What sets modern antilock braking systems (ABS) apart from conventional, hydraulic brakes is their electronic controls. Often, barely-measurable amounts of current can make the difference between full antilock brake systems (ABS) functionality and a tough-to-diagnose problem. Here are some tips — some general, some specific — that are worth remembering when servicing ABS electronics.
See the light
Stop lamps aren't just for letting following drivers know a vehicle is decelerating. In some ABS control schemes, the microprocessor finds out there's a "brake apply request" by detecting a voltage drop as current begins running through those lights. But voltage won't drop in an incomplete circuit — like when bulbs are burned out. Some systems set up this way monitor voltage drop to the stoplights in the taillights; others work with the center high-mount stop lamp (CHMSL). Some use them all. In any event, make sure all glow.
There's a related scenario when a seemingly brake-unrelated vehicle modification can cause antilock brake glitches: adding a rear spoiler with an additional third brakelight. It could cause voltage drop to vary beyond what the ABS computer is looking for. (As if that weren't enough, federal regulations frown on having redundant CHMSLs — even though you see cars with an extra third brakelight every day.) You and the customer may have to decide which light to disconnect, especially if the extra current load causes the ABS to malfunction.
Speaking of lights, the telltale lamps on the instrument panel do more than let the motorist know their foundation or antilock brakes need service. How and when they glow can help you troubleshoot malfunctions.
Hard or soft?
A hard code indicates a present condition and will remain (or recur) even if you clear it, unless you fix its underlying cause. A soft code indicates a problem that may have existed before, but isn't there currently. However, clearing a soft code doesn't necessarily mean you'll never see it again. If the condition it represents is intermittent, the code will come back when the condition comes back.
Once you've repaired a condition represented by a diagnostic trouble code (DTC) and cleared the code from memory, interrogate the system at least once more. Here are two good reasons why. First, you'll verify that the code is gone; and also, because some systems are capable of displaying only a limited number of codes at once, you may see one or more additional DTCs that weren't evident previously. They're not new, they just didn't become accessible until codes further up the conga line were displayed, their causes fixed, then cleared.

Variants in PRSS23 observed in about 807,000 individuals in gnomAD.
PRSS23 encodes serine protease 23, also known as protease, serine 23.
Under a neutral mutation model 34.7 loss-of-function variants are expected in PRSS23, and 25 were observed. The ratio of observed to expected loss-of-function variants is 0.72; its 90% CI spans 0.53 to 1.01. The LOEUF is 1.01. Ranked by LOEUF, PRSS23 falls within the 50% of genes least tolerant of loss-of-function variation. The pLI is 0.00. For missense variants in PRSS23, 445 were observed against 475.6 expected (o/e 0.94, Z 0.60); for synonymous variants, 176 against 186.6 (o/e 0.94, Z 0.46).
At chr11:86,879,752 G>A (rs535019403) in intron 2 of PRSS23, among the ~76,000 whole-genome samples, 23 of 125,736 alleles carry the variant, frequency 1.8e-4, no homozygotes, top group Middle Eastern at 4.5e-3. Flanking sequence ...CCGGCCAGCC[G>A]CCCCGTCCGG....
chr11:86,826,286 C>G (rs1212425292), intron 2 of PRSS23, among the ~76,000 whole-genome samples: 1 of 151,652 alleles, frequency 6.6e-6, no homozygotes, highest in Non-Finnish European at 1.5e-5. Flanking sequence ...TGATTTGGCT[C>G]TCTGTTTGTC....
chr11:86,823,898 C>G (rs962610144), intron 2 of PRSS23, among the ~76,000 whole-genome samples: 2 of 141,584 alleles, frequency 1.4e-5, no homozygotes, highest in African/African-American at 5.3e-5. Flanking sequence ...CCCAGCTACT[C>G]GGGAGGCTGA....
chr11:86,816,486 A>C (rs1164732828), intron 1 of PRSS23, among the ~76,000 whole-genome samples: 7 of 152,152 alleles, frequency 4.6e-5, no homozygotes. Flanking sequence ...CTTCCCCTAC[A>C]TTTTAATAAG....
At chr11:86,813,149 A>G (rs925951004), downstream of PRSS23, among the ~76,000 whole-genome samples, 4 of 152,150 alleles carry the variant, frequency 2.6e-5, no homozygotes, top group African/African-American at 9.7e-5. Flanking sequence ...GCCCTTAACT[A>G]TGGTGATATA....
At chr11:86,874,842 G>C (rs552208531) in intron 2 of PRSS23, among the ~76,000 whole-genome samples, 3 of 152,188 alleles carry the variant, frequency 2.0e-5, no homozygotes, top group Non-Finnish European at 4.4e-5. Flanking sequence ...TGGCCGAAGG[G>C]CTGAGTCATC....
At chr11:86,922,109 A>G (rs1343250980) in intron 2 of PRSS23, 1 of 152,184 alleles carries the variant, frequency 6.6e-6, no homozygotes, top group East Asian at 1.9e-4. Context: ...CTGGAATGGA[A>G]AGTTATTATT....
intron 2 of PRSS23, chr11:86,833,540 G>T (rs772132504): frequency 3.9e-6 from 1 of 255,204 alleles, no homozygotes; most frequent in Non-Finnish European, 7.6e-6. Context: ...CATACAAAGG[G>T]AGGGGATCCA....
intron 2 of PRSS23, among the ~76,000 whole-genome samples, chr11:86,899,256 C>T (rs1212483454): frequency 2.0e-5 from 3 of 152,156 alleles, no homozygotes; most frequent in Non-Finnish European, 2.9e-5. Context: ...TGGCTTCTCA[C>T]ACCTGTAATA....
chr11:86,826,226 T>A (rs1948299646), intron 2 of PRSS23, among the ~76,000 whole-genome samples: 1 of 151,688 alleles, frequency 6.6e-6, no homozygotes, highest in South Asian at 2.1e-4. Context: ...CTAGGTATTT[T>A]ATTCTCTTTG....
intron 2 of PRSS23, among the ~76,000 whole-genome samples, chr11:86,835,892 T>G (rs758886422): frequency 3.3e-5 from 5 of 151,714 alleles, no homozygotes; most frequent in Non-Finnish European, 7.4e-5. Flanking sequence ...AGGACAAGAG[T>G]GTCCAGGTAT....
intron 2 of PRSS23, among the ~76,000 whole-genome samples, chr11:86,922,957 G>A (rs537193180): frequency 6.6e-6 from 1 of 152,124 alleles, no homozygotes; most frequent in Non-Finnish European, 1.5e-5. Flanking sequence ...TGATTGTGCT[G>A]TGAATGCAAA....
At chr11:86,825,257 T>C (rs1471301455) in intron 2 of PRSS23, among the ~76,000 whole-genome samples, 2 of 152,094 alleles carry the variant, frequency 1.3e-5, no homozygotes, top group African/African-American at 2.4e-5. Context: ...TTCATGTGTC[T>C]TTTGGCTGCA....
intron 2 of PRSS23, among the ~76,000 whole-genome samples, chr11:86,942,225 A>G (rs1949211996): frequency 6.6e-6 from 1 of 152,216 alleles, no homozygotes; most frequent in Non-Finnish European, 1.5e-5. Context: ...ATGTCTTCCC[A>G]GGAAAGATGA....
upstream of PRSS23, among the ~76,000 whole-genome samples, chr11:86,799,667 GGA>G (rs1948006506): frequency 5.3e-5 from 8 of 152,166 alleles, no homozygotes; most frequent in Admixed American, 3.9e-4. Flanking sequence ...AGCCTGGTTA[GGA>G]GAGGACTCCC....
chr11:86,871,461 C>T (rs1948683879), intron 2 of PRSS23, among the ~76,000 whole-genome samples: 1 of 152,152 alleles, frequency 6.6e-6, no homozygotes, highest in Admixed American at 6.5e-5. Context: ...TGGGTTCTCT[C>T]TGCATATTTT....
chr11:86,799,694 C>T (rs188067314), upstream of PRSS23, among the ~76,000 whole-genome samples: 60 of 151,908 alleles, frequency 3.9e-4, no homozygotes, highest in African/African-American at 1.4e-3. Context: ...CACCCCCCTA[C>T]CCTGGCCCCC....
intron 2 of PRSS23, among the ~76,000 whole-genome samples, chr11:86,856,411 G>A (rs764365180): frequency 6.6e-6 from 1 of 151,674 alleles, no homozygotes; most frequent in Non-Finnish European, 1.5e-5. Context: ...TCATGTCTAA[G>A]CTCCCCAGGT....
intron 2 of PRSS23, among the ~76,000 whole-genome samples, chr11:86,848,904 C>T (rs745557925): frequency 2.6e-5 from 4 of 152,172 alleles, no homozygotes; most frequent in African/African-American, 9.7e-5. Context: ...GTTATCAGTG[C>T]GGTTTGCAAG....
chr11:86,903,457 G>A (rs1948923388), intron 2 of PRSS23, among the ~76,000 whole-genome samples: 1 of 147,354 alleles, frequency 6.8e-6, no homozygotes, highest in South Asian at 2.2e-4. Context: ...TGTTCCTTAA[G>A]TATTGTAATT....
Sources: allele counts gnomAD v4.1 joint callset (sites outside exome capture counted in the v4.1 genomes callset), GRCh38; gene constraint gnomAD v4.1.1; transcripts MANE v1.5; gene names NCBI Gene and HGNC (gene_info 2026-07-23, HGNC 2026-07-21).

Computer-controlled systems will do something they shouldn't if they get bad information from their sensors. If that wrong info seems plausible to the computer, it's going to do just what it was programmed to do, without setting a DTC, since it won't think anything is wrong.
Often, this is exactly what's going on when an ABS modulates one or more of the brakes unnecessarily; sometimes this only causes a noise and/or throbbing sensation in the pedal. In some cases, it can lead to pulls on deceleration. In either case, the ABS controller is causing the condition to occur because it thinks the wheels are decelerating too quickly. That's what the wheel speed sensors are telling it.
Does this mean the sensors are bad? Not necessarily. An excessive gap, either because of poor adjustment or a rust buildup that has moved the sensor away from its exciter, can cause false wheel speed sensor (WSS) readings. A damaged exciter can also cause a WSS to send false (but plausible) information to the controller.
Sometimes it's almost routine for a WSS to provide bad information. For example, Ford found that front WSSs on 1995-97 Explorers and 1997 Mountaineers could sometimes cause false ABS activation because of weak signal output. A TSB OK'd changing these trucks over to 1998-spec front WSSs — in pairs, of course.
Watch the picture show
Today's electronic tools are capable of graphically illustrating what's going on with ABS components; use them to "look" at parts you can't see.
For example, while on some vehicles you can easily eyeball a WSS exciter ring, they're impossible to see on others — at least directly. But depending on the application, a lab scope or scanner can show you the shape of that tone ring by mapping its output. You can actually get a clear enough picture to find nicked teeth or cracked rings, and this saves lots of needless disassembly.
RABS and RWAL
Whether it's called Rear Antilock Braking System (RABS) or Rear Wheel Anti-Lock (RWAL), the rear-only ABS used on many trucks until recently are essentially the same Kelsey-Hayes system. Before checking trouble codes or consulting a vehicle-specific flow chart, begin your diagnosis with a simple circuit check.
There are some variations, but also many similarities. Here is a typical GM RWAL test routine:
Block the wheels, release the parking brake, avoid stepping on the brake pedal and turn the ignition key on.
If the warning light illuminates about two seconds then shuts off, the ignition cycle is OK. Step on the brake pedal; the indicator should not come on. If it does, suspect the combination valve.
Check the ABS ECU circuit fuses if the indicator glows steadily after the two-second self-check. Your next step will be to consult the "light on" diagnostic flow chart.
If the indicator either flashes or does not illuminate after the two-second self-check, consult the "light flashing" or "light off" flow chart.